I also looked into the work of Yinka Shonibare as the convergence of two “opposing cultures” (The British Empire and Post Colonial Africa) can be considered a form of mapping. The sculpture Nelson’s Ship in a Bottle (2010) is an excellent example of this.
The work maps colonisation and it’s ramifications through the use of the ship as a reference to the beginning of the colonial era and the kente cloth material as a reference to the extensive cultural trade as a result of colonialism. This material is a large part of many African nations’ traditional dress and culture but was originally dutch made and even then, taken from South East Asian prints and pattern making during the height of Dutch trade and exploration.
It is this idea of abstract mapping that Shonibare displays in his work and the culturally significant mapping of ancestral passages in Thomas J. Bassett’s article that influenced my final map.
Below are three screenshots from the video.
New Orleans-based visual artist Heather Hansen explores the combined art of painting and movement for her experimental project titled Emptied Gestures. Like a kinetic performance piece, the artist uses her own body to illustrate action on a two-dimensional surface. Rather than using any brushes or other tools to protect herself, Hansen gets down and dirty, shifting the dark pigment with her own body.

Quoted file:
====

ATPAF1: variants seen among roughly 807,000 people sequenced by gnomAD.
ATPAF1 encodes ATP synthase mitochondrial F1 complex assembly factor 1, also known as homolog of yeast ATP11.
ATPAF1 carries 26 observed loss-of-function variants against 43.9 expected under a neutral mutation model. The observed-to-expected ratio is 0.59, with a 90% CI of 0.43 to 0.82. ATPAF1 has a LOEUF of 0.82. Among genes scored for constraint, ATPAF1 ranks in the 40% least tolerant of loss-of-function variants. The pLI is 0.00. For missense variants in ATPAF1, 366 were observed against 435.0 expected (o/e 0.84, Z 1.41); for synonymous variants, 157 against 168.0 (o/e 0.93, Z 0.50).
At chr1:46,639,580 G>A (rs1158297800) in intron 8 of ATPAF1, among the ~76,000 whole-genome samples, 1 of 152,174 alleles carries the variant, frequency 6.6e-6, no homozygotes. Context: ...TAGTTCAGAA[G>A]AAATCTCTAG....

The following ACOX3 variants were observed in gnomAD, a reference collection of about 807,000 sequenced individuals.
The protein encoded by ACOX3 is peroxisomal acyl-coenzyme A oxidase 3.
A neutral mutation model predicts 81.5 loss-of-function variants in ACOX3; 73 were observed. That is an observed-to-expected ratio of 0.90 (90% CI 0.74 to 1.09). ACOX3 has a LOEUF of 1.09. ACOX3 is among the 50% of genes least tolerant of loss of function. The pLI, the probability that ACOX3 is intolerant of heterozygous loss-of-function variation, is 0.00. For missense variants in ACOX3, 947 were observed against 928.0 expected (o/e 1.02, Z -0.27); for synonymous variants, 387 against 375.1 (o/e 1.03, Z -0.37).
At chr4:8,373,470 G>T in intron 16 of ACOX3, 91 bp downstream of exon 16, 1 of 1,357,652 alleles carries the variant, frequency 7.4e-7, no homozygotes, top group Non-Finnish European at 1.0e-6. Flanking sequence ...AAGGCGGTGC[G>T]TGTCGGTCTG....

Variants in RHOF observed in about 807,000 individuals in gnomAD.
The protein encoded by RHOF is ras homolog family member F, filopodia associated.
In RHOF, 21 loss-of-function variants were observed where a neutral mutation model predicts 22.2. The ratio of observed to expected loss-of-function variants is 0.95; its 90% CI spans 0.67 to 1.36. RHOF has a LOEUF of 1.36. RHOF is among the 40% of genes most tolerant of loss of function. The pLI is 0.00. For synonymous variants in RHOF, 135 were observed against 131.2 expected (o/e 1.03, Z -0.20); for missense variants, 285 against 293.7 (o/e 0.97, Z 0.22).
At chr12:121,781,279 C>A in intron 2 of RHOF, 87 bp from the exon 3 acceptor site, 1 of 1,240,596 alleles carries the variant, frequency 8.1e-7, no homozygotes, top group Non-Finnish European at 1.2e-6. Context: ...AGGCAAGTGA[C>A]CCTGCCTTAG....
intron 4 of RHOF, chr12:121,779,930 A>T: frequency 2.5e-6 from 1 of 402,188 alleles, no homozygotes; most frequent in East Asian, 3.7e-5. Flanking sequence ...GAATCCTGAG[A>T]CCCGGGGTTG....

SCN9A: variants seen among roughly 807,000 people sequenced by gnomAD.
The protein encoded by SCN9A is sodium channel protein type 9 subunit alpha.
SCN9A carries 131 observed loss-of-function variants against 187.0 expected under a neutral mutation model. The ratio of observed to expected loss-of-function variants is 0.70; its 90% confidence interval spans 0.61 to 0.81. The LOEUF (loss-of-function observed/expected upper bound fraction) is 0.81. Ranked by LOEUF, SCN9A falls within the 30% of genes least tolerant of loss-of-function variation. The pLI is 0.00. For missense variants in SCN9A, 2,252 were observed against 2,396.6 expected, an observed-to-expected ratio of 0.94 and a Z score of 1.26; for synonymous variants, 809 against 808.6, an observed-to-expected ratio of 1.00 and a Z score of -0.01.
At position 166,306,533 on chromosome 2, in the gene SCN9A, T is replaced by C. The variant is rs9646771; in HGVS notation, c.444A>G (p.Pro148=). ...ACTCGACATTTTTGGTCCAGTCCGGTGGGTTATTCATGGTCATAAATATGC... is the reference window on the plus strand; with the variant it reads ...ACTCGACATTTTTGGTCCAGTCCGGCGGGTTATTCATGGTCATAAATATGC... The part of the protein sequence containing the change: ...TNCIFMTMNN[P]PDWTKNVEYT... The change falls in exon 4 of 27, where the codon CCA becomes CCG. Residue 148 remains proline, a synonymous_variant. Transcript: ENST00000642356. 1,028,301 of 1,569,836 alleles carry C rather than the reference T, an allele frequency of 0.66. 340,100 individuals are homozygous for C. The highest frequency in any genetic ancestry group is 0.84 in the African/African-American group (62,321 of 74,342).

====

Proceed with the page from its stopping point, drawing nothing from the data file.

The piece is documented, step-by-step, by photographer Bryan Tarnowski who captures Hansen’s brilliant dance-like movements. The artist’s extended limbs manage to track and map their own movements onto the sheet beneath her. Hansen says, “In this series, I am searching for ways to download my movement directly onto paper, emptying gestures from one form to another and creating something new in the process.”
Wind Map Project
"An invisible, ancient source of energy surrounds us—energy that powered the first explorations of the world, and that may be a key to the future. This map shows you the delicate tracery of wind flowing over the US."